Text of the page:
Remembering James Foley and other journalists still missing

James Foley was my middle school teacher in a very poor neighborhood and all I want to say is thank you Mr. Foley you helped shape me into the man I am today….This man always preached being open and respectful to other cultures. It’s unfortunate that his openness lead to this.”
Reddit user wheelchaircharlie

We have been following the disappearance of James Foley since he went missing in Syria in November 2012, a story that has been documented on the website, and now we are sad to report that he has been brutally killed. ISIS (or ISIL) militants released a video yesterday showing the beheading of James Foley, though when and where the murder occurred remains uncertain. The White House has confirmed the authenticity of the video and President Obama said in a statement today that “the future is shaped by people like Jim Foley, and the overwhelming majority of humanity who are appalled by those who killed him.”

I won’t link to the video (or watch it, myself), but thought it’d be worthwhile to link to some remembrances of James Foley and his reporting. I never knew him, but he was a friend and colleague of many of my friends. By all accounts, he was a great guy filled with kindness and a passion for sharing his knowledge and talents. He will be missed.

The video also reportedly shows another journalist held captive by ISIL. These images have informed the first public reports that reporter Steven Sotloff was being detained in Syria. It is worth noting that information about individuals who have been kidnapped is often held secret for their safety and in hopes of aiding negotiations for their release. This extends to journalists reporting about their colleagues who are in danger, with a reluctance to discuss, report or reveal information publicly.

James Foley, Aleppo, Syria - 07/12. Photo: Nicole Tung.
James Foley, Aleppo, Syria – 07/12. Photo: Nicole Tung.

Here are a few posts that we have been reading after news of Foley’s killing:

  • These Are the Stories James Foley Risked His Life to Tell: Patrick Reis at the National Journal shares some of Foley’s work
  • A reddit user going by wheelchaircharlie recalls the impact James Foley had on him when Foley was a Teach for America fellow in Arizona in 1996. (another user questioned whether it was the same James Foley, but a Teach for America post about Foley’s kidnapping confirms the connection)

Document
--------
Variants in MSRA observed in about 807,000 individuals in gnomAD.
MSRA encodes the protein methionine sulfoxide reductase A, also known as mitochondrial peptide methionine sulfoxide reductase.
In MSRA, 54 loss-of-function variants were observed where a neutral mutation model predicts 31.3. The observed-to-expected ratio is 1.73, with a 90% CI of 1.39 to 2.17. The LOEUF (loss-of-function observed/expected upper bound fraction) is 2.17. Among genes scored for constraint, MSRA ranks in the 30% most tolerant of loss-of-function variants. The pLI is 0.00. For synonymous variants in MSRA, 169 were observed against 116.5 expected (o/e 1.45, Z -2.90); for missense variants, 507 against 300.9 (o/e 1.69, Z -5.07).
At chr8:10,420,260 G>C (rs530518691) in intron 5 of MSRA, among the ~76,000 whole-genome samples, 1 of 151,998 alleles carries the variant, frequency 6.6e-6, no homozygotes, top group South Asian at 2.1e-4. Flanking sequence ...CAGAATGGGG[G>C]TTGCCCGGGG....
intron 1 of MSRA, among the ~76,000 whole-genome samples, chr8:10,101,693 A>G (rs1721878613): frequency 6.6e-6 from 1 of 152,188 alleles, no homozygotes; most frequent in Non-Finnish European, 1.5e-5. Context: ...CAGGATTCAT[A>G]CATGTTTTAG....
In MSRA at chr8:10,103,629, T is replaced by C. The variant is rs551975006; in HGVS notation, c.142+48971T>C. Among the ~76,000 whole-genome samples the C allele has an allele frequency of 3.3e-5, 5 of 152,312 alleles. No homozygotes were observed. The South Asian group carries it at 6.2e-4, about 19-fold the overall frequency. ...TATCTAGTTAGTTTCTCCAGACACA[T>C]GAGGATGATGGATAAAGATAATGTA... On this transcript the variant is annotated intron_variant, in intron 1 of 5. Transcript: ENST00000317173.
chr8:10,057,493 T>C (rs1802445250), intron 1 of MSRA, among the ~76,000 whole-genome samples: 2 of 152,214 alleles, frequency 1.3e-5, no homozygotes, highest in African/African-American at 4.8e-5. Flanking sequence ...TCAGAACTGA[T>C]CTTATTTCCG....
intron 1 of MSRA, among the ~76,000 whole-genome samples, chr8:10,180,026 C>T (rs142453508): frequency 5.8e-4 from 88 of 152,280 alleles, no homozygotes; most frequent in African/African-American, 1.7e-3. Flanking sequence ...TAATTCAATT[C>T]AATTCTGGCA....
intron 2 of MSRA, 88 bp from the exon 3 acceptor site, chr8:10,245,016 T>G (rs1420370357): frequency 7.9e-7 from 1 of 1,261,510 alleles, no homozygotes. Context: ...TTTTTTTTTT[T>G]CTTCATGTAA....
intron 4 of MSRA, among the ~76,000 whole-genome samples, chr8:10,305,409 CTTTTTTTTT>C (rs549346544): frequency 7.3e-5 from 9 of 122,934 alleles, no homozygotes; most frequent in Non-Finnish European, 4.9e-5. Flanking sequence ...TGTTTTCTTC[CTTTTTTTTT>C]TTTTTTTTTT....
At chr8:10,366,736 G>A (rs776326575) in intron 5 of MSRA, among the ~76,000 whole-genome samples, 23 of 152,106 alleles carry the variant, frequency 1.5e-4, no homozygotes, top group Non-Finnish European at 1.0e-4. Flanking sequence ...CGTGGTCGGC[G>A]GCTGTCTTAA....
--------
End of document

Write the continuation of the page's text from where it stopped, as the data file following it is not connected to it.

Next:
• Writing in May 2013, Clare Morgana Gillis remembers her friendship with James Foley. Gillis and Foley were detained alongside each other in Libya in 2011.
  • Max Fisher recalls working to get Foley and other kidnapped journalists released after their capture in Libya in 2011.
  • James Foley speaks to students at Medill School of Journalism‘s Gertrude and G.D. Crain Jr. Lecture Series at Northwestern University in 2011.
  • Foley’s family have released a moving statement about his life and death, underscoring their love for him and his dedication to the story. (also on the Free James Foley Facebook page)
  • CNN has collected some remembrances (← warning: auto-playing video) of Foley by colleagues and friends.
  • The New York Daily News has also collected remembrances and photos posted to twitter by colleagues and friends.
  • Foley wrote to his alma mater, Marquette University, after his release from captivity in Libya in 2011.
  • Amnesty International has published a report called “‘Beheading’ of US reporter a war crime that highlights ‘chilling’ risk to journalists”.
  • Uri Friedman writes in The Atlantic about Foley’s desire to get closer to the story in Syria when so few other journalists would.
  • It’s also worth remembering the many other journalists, aid workers and contractors still missing around the world, and the many who have been killed this year. Men’s Journal has a good, short refresher about what they call “The Forgotten Hostage Crisis.” As always, the Committee to Protect Journalists and Reporters Without Borders remain essential reading for keeping up to date on this issue. The CPJ reports that 30 reporters and photographers have been killed so far in 2014.

    There’s also a good discussion to be had about the ethics and effects of publishing images from militants’ propaganda videos. Many journalists, across our networks on Facebook and Twitter, have urged their colleagues to refrain from publishing any images of Foley’s execution contending that publishing images of this act only serves to perpetuate ISIS’ terror. Likewise, social media companies such as Facebook and Youtube have been actively working to block some images from the video from appearing on their networks. We should revisit this issue of visual representation and politics at a later date, along with other relevant discussions that we are having this week.

    We wish peace and healing to Foley’s family and friends, and the families of the many other colleagues who have died in recent months, and to those still missing.

    Related: Revisit our post about what happens when a kidnapped journalist is a freelancer. As war reporting increasingly becomes the realm of freelancers, it’s worth noting how much greater the risk and liability is for reporters not connected to a major news organization.

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